Morganite

History

Discovered in Madagascar in 1910, morganite was named in honor of millionaire banker and mineral collector John Pierpont Morgan. Morganite is said to be the gemstone of the universal heart and is believed to nurture feelings of love and tenderness in a relationship. It is also thought to enhance communications skills and provide focus during times of stress.

Color

Morganite ranges in hue from soft pink to peach to violet‐pink, with soft peach‐pink being the most common. Morganite is also dichroic which means you will see more than one color if you view it from different angles.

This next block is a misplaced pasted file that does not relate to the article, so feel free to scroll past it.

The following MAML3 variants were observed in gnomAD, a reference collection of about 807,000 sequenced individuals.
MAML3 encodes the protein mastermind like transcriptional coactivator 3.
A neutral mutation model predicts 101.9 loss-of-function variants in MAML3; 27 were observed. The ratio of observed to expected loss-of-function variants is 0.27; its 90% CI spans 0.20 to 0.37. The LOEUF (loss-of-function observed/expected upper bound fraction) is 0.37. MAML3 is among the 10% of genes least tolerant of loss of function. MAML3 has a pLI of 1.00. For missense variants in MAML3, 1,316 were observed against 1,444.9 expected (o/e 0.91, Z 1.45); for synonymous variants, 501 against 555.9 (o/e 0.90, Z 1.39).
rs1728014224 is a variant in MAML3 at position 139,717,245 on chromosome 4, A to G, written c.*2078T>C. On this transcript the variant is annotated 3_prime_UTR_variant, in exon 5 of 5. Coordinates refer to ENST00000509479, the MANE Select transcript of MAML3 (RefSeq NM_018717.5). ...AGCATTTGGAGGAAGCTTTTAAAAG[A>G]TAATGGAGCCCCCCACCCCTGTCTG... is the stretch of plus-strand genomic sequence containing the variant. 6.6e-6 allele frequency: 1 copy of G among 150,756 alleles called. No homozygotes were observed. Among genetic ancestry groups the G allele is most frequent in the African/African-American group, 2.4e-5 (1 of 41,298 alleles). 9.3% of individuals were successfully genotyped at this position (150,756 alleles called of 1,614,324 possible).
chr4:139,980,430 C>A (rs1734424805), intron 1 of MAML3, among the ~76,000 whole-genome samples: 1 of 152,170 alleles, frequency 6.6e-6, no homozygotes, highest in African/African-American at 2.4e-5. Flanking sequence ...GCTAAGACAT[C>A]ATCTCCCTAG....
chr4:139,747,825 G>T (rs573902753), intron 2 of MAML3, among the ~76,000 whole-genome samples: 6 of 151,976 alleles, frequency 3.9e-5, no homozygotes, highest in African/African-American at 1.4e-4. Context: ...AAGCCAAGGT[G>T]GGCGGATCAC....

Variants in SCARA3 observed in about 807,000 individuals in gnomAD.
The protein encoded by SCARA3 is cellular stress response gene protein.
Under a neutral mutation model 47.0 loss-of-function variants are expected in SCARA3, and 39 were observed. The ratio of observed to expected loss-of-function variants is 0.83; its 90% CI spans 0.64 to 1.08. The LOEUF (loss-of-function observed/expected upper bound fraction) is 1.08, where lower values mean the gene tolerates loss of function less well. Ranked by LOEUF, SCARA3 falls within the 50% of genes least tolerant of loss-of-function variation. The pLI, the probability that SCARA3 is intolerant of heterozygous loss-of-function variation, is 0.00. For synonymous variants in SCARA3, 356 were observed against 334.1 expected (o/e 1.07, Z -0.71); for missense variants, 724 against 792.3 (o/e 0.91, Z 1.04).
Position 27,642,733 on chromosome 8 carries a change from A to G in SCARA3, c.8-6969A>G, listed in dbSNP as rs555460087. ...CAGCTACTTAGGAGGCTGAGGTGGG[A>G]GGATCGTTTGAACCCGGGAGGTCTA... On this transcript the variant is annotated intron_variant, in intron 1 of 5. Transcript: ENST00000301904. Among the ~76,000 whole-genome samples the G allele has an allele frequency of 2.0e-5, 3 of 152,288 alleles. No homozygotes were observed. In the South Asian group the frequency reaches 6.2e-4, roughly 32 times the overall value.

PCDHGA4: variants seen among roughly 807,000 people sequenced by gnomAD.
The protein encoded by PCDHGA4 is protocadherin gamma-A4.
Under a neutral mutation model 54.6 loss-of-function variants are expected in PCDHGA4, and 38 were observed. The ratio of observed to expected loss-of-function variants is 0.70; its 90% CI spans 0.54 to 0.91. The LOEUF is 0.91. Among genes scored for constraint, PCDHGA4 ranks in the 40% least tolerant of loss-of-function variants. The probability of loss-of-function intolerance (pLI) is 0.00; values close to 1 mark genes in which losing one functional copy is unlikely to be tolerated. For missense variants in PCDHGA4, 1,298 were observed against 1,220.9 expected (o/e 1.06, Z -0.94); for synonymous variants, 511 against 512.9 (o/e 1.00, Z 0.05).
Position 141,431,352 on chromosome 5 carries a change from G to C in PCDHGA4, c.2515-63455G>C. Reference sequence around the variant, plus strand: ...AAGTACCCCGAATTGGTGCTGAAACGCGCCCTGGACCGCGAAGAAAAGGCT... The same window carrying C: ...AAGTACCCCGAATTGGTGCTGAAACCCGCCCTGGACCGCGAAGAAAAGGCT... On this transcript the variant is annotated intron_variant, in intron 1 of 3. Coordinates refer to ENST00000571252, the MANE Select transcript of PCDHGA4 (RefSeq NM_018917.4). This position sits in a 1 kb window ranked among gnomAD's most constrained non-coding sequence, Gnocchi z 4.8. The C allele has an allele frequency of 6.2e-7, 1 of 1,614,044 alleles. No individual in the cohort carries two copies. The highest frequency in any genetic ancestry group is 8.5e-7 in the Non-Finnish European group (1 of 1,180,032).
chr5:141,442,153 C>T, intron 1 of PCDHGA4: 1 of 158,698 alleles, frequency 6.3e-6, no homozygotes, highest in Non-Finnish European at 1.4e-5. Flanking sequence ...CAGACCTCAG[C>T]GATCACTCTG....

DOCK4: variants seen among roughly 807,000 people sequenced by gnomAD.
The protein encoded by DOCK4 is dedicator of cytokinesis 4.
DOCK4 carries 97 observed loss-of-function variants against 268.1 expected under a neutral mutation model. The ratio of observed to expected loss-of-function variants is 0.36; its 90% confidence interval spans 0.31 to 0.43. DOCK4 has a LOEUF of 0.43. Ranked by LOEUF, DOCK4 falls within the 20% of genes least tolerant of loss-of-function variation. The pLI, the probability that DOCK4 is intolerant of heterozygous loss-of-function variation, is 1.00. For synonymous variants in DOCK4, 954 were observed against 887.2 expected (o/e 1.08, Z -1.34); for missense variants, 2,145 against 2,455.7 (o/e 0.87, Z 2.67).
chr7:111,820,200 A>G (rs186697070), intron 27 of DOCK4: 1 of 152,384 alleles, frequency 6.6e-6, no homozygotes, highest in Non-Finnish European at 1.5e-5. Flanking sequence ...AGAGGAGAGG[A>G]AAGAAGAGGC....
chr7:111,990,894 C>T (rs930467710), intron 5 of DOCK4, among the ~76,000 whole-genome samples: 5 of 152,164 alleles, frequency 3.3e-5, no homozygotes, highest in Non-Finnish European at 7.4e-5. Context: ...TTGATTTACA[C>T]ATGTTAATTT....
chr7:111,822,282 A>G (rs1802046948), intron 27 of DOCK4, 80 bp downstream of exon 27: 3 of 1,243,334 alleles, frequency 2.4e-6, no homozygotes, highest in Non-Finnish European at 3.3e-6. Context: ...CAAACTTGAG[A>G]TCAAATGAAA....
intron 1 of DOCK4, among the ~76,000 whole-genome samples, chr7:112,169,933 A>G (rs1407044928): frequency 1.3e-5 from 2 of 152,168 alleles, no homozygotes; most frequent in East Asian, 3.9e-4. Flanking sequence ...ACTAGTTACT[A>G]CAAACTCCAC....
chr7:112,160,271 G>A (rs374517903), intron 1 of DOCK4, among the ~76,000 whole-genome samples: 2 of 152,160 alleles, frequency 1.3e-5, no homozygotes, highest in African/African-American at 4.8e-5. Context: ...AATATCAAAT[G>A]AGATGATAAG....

Gem Family

Morganite is a member of the beryl family.

Hardness

Morganite is rated at a 7.5‐8.0 on the Mohs scale, and is perfect for everyday wear. Morganite is a popular engagement ring gemstone, and pairs beautifully with diamonds.

Treatments

Morganite is occasionally heat treated to improve its pink color and reducing orange tint.

Care

Morganite should be stored separately to keep from scratching or being scratched. Store it in a lined box or a soft pouch. Avoid steam or ultrasonic cleaners, and keep your morganite sparkling by cleaning it under warm running water with a mild soap. Dry with a soft, lint‐free cloth.